Coal is on its way out when it comes to electricity generation. But at least one Trump administration official has some creative ideas for how to keep it in our lives. According to Steven Winberg, the assistant secretary of fossil energy at the Department of Energy, coal could be used to manufacture ceramic tiles and backyard decks. Precious metals extracted from toxic coal ash could be used to make iPhones and other gadgets. At the annual meeting of the American Legislative Exchange Council (ALEC) last month, Winberg touted this “wide range of products” as the future of coal in a presentation.

“Many people think coal’s time is over,” he said. “I don’t think that way.… Rather than using the heating value of coal, we can use the carbon value of coal.”

ALEC is a membership organization for state lawmakers and industry representatives that’s known for providing model legislation with a distinctly conservative bent. Its recent efforts include watering down fracking regulations and further criminalizing anti-pipeline protests. The organization does not disclose its members, and its annual meeting is shrouded in secrecy. This year, due to the pandemic, the meeting took place over Zoom. A verbatim record of Winberg’s comments to lawmakers on ALEC’s Energy, Environment, and Agriculture task force was provided to Grist by the Center for Media and Democracy, a nonprofit government watchdog group that tracks ALEC’s initiatives.

Winberg’s wide-ranging comments highlighted his department’s efforts to ensure the continued use of coal, oil, and natural gas through its Coal FIRST program, funding of technologies that capture carbon before it’s emitted, and support for the use of natural gas to produce hydrogen (a potential clean energy source).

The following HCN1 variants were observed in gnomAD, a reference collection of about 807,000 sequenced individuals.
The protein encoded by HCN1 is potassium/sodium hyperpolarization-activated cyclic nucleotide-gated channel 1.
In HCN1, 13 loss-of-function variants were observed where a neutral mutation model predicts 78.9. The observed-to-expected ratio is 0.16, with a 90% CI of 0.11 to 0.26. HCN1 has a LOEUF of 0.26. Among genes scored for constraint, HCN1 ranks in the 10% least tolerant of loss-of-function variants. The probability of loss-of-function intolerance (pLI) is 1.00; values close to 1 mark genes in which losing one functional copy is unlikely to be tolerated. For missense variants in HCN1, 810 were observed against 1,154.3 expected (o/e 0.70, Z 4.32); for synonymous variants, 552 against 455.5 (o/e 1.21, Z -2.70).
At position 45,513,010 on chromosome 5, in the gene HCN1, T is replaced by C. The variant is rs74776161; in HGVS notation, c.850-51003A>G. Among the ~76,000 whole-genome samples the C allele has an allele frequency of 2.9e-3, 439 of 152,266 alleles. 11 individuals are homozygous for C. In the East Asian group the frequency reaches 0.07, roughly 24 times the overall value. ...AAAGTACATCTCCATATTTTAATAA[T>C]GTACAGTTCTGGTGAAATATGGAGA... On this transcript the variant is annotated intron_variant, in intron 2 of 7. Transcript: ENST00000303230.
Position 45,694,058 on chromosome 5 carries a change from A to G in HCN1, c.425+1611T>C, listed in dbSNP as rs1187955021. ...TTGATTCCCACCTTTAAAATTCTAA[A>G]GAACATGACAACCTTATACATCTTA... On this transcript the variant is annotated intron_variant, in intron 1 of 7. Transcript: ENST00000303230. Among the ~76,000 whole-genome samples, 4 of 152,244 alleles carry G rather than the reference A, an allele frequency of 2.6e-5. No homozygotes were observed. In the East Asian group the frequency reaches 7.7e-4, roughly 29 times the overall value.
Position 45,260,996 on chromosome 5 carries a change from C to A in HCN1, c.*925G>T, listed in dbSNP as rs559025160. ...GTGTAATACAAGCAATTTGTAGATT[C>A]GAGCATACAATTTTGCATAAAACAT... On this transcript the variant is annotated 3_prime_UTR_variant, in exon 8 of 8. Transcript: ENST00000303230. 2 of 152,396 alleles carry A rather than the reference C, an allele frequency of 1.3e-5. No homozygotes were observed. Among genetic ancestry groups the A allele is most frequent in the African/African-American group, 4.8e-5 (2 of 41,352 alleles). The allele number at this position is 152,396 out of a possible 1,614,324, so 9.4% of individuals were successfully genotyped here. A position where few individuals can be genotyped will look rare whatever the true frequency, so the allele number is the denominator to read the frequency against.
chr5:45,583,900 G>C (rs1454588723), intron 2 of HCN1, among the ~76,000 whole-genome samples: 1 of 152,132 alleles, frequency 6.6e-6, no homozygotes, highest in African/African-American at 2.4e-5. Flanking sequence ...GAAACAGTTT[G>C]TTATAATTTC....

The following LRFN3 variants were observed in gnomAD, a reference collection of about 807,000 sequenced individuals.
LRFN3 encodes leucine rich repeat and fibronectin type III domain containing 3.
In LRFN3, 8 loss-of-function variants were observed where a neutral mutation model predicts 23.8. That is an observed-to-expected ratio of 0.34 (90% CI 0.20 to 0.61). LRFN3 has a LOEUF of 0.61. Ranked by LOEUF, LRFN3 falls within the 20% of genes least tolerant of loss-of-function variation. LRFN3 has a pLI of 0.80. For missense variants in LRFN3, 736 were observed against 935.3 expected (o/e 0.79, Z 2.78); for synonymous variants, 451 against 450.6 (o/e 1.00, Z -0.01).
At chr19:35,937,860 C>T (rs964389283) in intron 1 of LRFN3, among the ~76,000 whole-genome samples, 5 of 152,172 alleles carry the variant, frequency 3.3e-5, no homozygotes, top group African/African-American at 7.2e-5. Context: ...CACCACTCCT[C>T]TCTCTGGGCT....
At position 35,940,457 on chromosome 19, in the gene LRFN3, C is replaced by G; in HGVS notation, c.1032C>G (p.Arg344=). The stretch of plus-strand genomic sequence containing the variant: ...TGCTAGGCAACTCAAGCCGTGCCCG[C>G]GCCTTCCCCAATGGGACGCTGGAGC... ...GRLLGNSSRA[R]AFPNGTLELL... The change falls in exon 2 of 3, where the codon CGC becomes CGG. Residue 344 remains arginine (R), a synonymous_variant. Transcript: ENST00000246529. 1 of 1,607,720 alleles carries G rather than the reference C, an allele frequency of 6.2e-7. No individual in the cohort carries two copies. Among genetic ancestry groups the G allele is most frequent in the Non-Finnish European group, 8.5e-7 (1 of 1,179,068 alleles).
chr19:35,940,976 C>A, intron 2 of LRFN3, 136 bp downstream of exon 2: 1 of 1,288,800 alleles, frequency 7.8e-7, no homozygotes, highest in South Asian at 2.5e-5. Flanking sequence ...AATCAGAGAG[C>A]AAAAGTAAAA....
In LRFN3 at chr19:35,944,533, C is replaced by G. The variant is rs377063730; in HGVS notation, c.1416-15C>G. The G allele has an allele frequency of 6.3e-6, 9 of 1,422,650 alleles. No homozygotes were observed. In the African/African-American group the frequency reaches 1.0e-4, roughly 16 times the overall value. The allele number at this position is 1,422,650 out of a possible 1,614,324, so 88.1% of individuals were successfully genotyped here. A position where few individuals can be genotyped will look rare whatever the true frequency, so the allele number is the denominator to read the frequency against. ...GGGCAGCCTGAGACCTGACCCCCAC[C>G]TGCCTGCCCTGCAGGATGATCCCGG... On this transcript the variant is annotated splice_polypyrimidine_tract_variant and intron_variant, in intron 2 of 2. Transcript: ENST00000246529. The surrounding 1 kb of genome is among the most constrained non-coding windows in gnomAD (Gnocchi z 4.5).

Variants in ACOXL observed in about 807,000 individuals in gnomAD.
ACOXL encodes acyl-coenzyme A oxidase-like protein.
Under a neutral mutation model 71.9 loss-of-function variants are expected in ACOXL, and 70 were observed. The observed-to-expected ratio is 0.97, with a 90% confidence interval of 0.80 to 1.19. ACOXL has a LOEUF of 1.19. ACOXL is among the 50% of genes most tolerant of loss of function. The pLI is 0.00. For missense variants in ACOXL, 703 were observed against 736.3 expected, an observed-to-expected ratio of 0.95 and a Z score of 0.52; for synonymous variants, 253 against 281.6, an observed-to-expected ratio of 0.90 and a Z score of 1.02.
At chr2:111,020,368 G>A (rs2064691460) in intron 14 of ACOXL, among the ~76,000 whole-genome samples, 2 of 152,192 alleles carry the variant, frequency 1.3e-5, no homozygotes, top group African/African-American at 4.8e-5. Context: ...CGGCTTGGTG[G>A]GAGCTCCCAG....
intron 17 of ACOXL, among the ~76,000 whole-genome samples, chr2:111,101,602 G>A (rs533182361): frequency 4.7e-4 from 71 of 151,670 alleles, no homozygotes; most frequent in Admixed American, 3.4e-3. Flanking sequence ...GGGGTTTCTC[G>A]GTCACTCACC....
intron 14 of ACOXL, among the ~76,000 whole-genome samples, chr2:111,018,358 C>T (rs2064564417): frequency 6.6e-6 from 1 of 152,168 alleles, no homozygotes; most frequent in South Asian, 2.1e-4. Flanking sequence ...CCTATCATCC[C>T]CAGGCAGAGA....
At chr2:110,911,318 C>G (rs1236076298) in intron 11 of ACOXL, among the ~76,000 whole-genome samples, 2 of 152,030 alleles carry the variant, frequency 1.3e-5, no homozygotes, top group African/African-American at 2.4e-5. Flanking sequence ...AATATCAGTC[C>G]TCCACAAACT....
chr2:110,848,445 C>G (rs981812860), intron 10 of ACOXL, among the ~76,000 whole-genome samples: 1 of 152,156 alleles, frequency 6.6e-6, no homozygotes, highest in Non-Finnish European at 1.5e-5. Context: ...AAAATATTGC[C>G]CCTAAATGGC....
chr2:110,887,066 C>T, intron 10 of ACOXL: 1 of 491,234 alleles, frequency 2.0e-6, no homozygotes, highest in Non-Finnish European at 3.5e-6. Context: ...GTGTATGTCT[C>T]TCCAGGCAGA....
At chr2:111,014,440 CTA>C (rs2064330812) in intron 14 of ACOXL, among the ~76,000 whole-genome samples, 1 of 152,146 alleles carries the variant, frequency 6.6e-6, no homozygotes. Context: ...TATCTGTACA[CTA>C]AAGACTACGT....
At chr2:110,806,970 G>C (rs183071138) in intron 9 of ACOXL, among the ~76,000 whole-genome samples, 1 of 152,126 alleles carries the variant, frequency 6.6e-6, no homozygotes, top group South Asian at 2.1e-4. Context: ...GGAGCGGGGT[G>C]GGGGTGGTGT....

“My personal view,” he said, “is that it is too early in this effort to go to zero or near-zero emission technologies and write off fossil energy and take them out of the picture, because there are technological advances that are being done — [carbon capture] for example — that will make fossil energy technologies as clean, and maybe in some cases cleaner, than what you get from renewables.”

About two weeks after the ALEC meeting, Winberg made similar comments before the Senate Committee on Energy and Natural Resources, where he held up samples of coal-based carbon foam, decking material, and roofing tile for lawmakers to view. “Can you imagine building a house that is fire-proof with coal?” he said. “That will be reality in the not-too-distant future.”

Four years into the Trump presidency, such comments might come as no surprise. The Trump administration has repeatedly tried to bolster the coal industry through various regulatory rollbacks. The administration is also promoting the use of carbon capture technology at coal plants, which could extend the viability of the dying industry by helping it meet certain emissions standards.

Climate scientists agree that carbon capture is crucial to mitigate global warming. But even if carbon emissions from burning fossil fuels are efficiently captured and stored, the Trump administration’s plans for coal, oil, and gas do not address the detrimental environmental and public health effects caused by their extraction and transport. Often these downsides are felt most acutely by communities of color and the poor.